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I use the Notability app for note taking in my iPad. I need to export one of my notes and upload it to a web site with file size restrictions (unfortunately I don't know the maximum size, but I have reason to believe it is 2 MB).

A 12-page-long note, consisting only of written text/mathematics and a single grayscale imported figure in one of the pages is taking up 10+ MB, which is frankly outrageous. Also, I'm pretty sure taking out the figure would make little difference; seems like the developers never paid attention to exported file sizes.

How can I reduce this to fit into my 2 MB budget?

Ideally I'd like to flip a switch inside Notability itself which reduced the export file size, but I don't think anything like that exists.

Otherwise, I'm looking for free tools which would help me reduce the file size. EDIT: online tools are not a possibility, as I can't run the risk of my file being stored and later distributed somehow.

I've already tried exporting a PDF from Preview.app with the "Reduce File Size" filter, which didn't make a difference.

Ghostscript fared a little better: gs -o out.pdf -sDEVICE=pdfwrite -dCompatibilityLevel=1.4 -dPDFSETTINGS=/printer -dNOPAUSE -dQUIET in.pdf reduced the file size to 7 MB, but it's not enough for me.

ImageMagick's convert tool produced output that could be barely classified as readable, even at an alleged 600 DPI.

I also tried exporting JPEGs from Notability and concatenating them with Preview.app, which produced a 4 MB file size, still unsuitable for me (and also, I lose vector rendering, searching, etc. that way, which if possible I'd like to retain).

My best result until now was running this 4 MB file through gs -o out.pdf -sDEVICE=pdfwrite -dCompatibilityLevel=1.4 -dPDFSETTINGS=/ebook -dNOPAUSE -dQUIET in.pdf (note ebook instead of printer). It is readable, although visibly compressed, and takes up 1.3 MB. Lacking any other options, this is the file I'm going to submit, but I'm hopeful there's a better solution.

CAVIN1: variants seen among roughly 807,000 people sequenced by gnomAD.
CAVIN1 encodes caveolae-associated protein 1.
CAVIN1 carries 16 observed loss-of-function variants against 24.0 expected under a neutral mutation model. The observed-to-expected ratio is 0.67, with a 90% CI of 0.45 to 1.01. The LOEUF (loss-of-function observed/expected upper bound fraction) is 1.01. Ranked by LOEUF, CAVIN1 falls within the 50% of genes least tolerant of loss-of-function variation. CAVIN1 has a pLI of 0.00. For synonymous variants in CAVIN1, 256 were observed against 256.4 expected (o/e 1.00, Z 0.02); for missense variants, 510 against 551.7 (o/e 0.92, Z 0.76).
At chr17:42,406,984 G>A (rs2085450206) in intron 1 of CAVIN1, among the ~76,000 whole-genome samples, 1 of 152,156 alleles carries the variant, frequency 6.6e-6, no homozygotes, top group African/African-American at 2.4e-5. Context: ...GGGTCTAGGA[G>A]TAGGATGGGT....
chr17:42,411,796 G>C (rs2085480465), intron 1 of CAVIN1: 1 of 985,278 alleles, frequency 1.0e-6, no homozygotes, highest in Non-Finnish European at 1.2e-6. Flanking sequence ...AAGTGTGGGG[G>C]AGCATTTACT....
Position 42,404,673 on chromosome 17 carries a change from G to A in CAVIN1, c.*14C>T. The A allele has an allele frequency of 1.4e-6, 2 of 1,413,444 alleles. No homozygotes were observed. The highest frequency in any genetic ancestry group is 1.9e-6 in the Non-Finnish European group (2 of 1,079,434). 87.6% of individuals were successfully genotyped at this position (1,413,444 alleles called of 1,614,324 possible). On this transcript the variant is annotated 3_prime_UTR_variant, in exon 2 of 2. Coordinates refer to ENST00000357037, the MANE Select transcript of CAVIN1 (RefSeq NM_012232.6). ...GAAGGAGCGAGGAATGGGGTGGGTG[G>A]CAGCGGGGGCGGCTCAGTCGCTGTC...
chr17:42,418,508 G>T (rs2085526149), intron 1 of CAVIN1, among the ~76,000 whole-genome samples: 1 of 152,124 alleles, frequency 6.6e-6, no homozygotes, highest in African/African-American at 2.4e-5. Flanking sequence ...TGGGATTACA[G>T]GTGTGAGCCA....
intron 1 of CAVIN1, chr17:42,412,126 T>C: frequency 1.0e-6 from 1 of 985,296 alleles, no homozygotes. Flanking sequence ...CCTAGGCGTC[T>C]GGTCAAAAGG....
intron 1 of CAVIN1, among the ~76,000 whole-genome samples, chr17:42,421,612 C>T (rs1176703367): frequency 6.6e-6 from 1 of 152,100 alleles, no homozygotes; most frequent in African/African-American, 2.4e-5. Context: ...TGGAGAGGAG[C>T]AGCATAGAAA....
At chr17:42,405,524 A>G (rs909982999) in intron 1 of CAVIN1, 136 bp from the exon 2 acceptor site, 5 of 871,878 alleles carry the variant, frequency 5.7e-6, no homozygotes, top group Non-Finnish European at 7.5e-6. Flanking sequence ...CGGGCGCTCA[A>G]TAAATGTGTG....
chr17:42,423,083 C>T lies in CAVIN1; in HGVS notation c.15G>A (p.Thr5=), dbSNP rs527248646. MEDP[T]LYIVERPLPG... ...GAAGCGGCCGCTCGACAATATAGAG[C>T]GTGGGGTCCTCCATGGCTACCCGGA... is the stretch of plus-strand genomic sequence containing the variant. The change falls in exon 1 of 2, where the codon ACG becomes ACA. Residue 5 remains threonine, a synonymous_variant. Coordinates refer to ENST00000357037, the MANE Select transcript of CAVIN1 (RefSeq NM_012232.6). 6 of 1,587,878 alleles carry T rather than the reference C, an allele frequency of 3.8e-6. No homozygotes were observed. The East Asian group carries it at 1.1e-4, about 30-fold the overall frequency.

Any other suggestions?

  • What is the file size per page? Are you limited to the tools on your iPad or can you use a desktop computer to modify the output files? – Thunder_Ruler Apr 4 at 22:31
  • As it came out of Notability, about 800 KB/page. I don’t mind processing it on my computer, but I won’t submit to online services of unknown origin. Since posting the question, though, I’m quite convinced the fault lies with Notability developers and the way they encode pencil strokes on PDF, which seems very wasteful. Apparently only they could fix it by moving to a more efficient encoding. – swineone Apr 4 at 22:35
  • So were you able to solve it with Notability? I was going to make the suggestion of using a third part program like photoshop or paint.net to compress high resolution jpegs but limited to a set number of colors (2 page colors & 5 pen colors) with moderate compression which would bring down the file size to <70kb a page possibly. But you would loose all ability to search words. – Thunder_Ruler Apr 4 at 22:43
  • I haven’t solved it, the situation remains the same as reported in the question. I did get lucky that my web service increased the upload quota to 7 MB, but that already requires some post-processing to reach that size, and for a slightly larger document, even post-processing would not solve the problem. In that case I will have to move to an image-based version of the file. – swineone Apr 4 at 22:55
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Assuming your top priority is to minimize file size. You are going to have to sacrifice and switch over to an image format. Notability uses a vast amount of vectors in order to keep your handing writing sharp and readable at any size, so we will need to discard that information in favor of a simpler , less sharp jpeg file.